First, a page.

Global markets started the year with a wild ride. Just looking at quarter-end returns doesn’t tell the whole story. The S&P 500 started the year in the red, falling nearly 6% in the first five trading days in January. The slide continued and by February 11th, the market was off by more than 11% as the “Three C’s”—China, Commodities, and Central Banks—spooked global markets. Then a funny thing happened: the sky didn’t fall and the world didn’t instantly plunge into a recession. The stock market rebounded sharply with a 14.4% return over the final six weeks of the quarter to finish in the black with a 1.5% gain. Of note, as the market declined, both growth and value stocks fell but value proved more resilient. The S&P 500 Value Index recovered its losses and was back in the black by March 7th and ended the quarter ahead of the S&P 500 Growth Index by about one percent.
China—Worries about slowing growth in China dominated early headlines in January. An attempt by the government to stabilize the Chinese market with new regulations had the opposite effect, causing stock prices to tumble. Like other global markets, the Chinese market began to stabilize in February when the People’s Bank of China announced another reduction in interest rates. This comes on the heels of an earlier cut in November. We expect Chinese market volatility and surprise economic announcements to continue as China transitions from a manufacturing economy driven by government investment to a service economy driven by consumer spending.
Commodities—Oil has been the most volatile commodity in recent years. West Texas Intermediate crude oil prices fell as much as 29.72% during the first quarter but then reversed course dramatically to end the quarter with slight gains. Crude oil production has remained steady in the US even as producers have reduced the number of rigs in operation and laid off thousands of employees. Inventories have risen sharply as shown in the chart at right. This phenomenon combined with talk among OPEC nations about maintaining current production levels means oil prices aren’t likely to post significant gains in the near future.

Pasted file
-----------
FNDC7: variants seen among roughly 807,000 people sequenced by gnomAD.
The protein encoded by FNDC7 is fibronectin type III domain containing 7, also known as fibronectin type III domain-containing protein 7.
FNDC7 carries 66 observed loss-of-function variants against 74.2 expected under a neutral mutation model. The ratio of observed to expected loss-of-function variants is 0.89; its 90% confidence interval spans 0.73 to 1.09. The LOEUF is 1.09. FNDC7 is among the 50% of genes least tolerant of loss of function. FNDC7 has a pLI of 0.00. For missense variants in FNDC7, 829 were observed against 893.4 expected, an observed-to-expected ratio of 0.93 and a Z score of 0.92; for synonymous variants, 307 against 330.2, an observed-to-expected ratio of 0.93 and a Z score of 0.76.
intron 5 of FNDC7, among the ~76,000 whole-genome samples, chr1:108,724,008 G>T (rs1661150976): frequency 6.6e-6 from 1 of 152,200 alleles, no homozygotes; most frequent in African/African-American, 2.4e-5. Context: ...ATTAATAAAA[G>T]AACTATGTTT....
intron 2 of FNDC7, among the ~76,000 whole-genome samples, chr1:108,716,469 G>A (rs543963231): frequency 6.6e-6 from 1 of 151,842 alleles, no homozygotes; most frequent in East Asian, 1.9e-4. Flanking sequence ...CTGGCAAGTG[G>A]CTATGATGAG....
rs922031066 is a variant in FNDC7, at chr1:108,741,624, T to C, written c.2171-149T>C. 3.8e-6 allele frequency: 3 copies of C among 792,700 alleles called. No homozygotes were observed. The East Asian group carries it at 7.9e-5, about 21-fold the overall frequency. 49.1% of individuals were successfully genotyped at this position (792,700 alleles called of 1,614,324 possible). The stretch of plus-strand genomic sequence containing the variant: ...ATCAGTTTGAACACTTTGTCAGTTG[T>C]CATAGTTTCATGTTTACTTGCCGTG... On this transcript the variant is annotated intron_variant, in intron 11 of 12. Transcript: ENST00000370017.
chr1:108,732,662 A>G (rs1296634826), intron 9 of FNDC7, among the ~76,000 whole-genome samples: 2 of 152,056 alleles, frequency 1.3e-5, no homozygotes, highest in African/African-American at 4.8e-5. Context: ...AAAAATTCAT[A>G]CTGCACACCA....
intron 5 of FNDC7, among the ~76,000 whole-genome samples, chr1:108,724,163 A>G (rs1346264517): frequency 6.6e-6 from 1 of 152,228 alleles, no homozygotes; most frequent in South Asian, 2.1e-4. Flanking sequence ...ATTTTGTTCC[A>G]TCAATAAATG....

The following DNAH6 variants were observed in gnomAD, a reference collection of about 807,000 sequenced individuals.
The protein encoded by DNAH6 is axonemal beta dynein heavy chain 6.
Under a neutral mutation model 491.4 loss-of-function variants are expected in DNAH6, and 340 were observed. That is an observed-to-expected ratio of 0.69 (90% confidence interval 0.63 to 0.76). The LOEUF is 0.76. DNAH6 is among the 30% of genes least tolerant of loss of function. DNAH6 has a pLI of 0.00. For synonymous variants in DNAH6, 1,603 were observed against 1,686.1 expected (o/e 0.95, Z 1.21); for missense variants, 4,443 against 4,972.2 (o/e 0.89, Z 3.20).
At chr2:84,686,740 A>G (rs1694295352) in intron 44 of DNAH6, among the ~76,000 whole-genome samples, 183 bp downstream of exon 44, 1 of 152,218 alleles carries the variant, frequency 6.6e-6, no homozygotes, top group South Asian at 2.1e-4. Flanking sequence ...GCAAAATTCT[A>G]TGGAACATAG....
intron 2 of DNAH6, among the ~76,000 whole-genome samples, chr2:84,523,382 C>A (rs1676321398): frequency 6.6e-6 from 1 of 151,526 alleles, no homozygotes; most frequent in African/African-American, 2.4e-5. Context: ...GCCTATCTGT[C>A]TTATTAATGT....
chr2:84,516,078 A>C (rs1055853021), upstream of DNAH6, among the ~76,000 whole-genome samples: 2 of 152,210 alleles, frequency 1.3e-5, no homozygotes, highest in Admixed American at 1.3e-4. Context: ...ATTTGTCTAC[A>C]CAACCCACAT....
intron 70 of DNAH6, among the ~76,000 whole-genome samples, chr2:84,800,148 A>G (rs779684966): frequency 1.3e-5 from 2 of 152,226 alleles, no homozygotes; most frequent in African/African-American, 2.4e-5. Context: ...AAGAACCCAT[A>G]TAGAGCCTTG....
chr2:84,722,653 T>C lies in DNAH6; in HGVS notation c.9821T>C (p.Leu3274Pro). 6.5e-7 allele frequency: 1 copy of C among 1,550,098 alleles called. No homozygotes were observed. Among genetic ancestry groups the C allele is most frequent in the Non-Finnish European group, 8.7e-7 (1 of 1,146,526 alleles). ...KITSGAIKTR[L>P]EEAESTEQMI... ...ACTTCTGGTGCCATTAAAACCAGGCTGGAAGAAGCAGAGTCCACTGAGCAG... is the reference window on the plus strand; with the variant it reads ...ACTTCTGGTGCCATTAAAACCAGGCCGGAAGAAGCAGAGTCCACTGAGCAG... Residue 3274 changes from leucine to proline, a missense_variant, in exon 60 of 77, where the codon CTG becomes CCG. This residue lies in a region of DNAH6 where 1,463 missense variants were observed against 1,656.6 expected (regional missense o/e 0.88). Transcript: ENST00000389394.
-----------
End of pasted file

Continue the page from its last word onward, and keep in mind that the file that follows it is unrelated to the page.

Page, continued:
Central Banks—Entering the year, there was much hand-wringing about the Fed beginning to tighten monetary policy while foreign central banks continue or even accelerate their own easing policies. Japan’s Prime Minister Shinzo Abe recently said he was considering a new economic stimulus package while the European Central Bank made cuts to push rates negative and increased its bond buying program. When the Fed raised rates in December for the first time since 2006, it made clear its desire to normalize policy and move away from near-zero interest rates. Coming into the new year, it looked like the Fed would raise rates four times in 2016 and possibly another four times in 2017.
With the fall in commodities and general global weakness, the Fed decided economic conditions weren’t robust enough to raise rates in either January or March (the Fed did not meet in February). Looking ahead, it appears it isn’t likely to raise rates until at least June, meaning we may be looking at two rate increases in 2016 instead of four. The market has responded positively to this expectation. The effects were clearest in the returns of stocks of utilities, probably the most interest-rate-sensitive sector. The S&P 500 Utilities Index rose 15.6% in the first quarter. The Fed’s dovish position on rates also contributed to the rebound in commodities prices as it pushed the US dollar lower.